Last Saturday they held a memorial for a flight nurse who died in a helicopter crash 13 years ago. I was working in the health department at the time and remember the late night call I got telling me about the crash. I’d seen her around the ER a few times when I brought in patients as a volunteer EMT. And I had ridden in the helicopter as a third rider only a month before. The accident happened when the copter clipped a wire while trying to land near a highway rest stop, a rest stop that now bears her name. When the copter started spinning, did she know?
I don’t mean to be morbid.
The saddest thing about all these deaths is not just the fear they must have felt when they saw what was happening to them, but that fact that everything that would have happened in their lives and all the people they would have affected is just gone. The children they might have had, the things those children would have gone on to do, the memories – all of it vanished. That’s the tragedy.
Death happens everyday and we see it in this job, but it doesn’t impact as much unless it is one of us. You can grow immune to it until it comes close like it has again this week.
But I don’t worry as much about dying as I used to. I’ve lived awhile now and feel lucky to have made it as long as I have. If the deal was when I was born, I agreed to come out of the womb, but in return I would only have these 47 years, I’d take that deal anytime.
I have many, many years ahead I hope. But if I were to die today, if the door were to open and death were to be there, I would be terrified, but I can’t say that I would have been cheated. Life, with its share of sadness and disappointments, has been largely good to me. And today I am as excited about life and its possibilities as I ever have been, excited not in the wild way I was as a youth, but in the more realistic sense that I can enjoy the moments now and not just the thought of the goal.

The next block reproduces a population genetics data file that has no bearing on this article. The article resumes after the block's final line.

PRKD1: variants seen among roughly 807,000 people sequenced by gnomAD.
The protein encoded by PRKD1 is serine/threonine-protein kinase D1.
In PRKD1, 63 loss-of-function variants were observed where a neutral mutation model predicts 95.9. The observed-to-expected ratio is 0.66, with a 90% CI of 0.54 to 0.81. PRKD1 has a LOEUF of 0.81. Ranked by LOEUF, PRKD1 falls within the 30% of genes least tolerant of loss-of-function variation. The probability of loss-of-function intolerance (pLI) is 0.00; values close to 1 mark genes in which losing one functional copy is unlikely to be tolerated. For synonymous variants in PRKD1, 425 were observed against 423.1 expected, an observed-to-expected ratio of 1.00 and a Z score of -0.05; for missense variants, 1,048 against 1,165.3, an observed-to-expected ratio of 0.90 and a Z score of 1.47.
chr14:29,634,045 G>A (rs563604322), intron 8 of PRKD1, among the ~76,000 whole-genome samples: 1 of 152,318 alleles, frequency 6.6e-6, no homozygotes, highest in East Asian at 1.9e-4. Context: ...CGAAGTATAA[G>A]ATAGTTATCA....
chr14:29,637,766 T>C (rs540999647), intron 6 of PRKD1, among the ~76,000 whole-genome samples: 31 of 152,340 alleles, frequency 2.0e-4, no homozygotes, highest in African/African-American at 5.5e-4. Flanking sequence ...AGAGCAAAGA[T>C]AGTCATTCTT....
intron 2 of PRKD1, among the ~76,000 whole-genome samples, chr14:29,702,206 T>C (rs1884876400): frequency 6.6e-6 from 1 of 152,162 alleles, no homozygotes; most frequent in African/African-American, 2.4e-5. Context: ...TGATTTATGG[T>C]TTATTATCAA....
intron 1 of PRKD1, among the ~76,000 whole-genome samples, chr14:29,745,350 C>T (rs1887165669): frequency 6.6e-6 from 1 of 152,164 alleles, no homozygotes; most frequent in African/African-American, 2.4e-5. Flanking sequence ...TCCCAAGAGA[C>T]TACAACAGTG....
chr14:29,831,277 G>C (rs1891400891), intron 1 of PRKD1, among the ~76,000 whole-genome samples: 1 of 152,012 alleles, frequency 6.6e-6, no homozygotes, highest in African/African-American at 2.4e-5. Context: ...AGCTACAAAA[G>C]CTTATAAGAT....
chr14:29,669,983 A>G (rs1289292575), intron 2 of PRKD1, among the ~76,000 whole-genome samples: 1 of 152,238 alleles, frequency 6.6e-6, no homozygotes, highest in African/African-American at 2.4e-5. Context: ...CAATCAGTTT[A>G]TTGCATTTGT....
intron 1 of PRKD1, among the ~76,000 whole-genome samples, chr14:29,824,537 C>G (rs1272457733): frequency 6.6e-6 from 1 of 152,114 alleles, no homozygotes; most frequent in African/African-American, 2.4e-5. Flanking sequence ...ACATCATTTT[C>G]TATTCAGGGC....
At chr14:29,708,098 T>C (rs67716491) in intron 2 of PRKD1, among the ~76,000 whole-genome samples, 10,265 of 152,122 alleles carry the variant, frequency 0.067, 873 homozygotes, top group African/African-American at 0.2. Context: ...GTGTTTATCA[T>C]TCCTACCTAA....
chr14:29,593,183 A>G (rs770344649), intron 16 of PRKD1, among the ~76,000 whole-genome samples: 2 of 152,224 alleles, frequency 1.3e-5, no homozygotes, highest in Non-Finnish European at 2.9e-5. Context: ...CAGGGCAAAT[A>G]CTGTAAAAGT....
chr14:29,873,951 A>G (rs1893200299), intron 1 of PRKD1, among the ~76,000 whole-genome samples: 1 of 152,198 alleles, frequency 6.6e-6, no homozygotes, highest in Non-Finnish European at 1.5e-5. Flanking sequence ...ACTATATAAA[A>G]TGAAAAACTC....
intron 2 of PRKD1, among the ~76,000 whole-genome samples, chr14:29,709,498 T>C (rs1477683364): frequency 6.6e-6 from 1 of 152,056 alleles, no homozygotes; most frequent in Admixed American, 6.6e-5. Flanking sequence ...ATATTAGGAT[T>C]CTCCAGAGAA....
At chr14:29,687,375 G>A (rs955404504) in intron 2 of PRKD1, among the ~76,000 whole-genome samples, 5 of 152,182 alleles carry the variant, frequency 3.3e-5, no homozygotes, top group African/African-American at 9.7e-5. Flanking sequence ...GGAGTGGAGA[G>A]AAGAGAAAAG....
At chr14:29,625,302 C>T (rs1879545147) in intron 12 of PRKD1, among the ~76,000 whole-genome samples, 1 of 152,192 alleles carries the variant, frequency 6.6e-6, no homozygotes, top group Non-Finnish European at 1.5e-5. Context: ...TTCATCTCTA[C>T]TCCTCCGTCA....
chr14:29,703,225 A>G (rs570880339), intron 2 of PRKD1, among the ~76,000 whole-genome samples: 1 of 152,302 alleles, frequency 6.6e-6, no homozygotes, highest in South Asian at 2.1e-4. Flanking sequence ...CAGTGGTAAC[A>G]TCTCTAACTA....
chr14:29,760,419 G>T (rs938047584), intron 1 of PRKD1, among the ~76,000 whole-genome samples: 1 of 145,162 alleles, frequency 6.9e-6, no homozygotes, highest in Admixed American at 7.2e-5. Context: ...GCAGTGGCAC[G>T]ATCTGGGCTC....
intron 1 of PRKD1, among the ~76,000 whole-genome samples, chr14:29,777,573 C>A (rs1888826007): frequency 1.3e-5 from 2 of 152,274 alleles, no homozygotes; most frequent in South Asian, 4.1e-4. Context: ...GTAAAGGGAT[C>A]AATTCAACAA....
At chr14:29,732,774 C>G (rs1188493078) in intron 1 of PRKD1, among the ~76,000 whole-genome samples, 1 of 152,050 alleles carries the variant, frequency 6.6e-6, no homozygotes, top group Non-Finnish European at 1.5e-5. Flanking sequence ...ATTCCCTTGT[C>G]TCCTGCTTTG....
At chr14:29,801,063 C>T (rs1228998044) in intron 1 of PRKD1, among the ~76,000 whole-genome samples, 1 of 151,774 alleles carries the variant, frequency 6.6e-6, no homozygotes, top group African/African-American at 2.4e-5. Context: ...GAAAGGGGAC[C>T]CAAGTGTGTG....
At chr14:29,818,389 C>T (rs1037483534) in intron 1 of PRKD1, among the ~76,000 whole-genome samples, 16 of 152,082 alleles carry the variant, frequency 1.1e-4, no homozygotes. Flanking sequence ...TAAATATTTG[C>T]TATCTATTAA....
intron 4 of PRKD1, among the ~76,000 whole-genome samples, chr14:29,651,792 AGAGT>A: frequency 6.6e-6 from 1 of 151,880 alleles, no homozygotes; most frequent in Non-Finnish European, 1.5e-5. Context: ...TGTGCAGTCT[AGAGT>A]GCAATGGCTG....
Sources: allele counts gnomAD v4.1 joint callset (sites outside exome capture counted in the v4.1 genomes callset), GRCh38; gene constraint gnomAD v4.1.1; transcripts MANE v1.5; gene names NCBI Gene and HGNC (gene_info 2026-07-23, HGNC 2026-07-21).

I want to live fully and feel, for the most part, I have been. I work a lot, but I like my job and the money I make will help me keep doing what I love – being a paramedic, writing, going to foreign countries to help the poor, getting good seats to a Red Sox game every year, living in my house which I feel comfortable in, being able to eat a good steak, and drink a cold beer when I want without having to count nickels on the liquor store counter.
I have much to be thankful for today.
I hope I continue to live a full life and that the door doesn’t open for me any time soon.
Please not any time soon.
I don’t want my picture on the news rack, my obit posted on some bulletin board, people thinking, yeah, I knew that guy. We did a few calls together. I used to see him around.
Postscript: Thanksgiving 2020. Well, I made it fifteen years, though not all those I have shared the front cab of an ambulance with did. I think about them. Joe Chipman. Ransford Smith, Dave Fackleman. Chris Schmeck. Wayne Cabral. Jeff Huffmire. Susy Ribero Rynaski. Donavan Alden. John Michael St. George. Turk Atkinson. Kim Butler. Anita Russo. Ed Grant. Ross Chagnon. Zellie Block.
Of the bunch only Anita and Zellie had what you would call full live spans. You could make a good case that EMS killed (or at least contributed to the deaths) of a number of these fine people. I remember working with each of them like it was yesterday.
I hope everyone has a safe Thanksgiving. Give thanks for what you have. Stay safe, enjoy your closest family and friends and be careful of the COVID.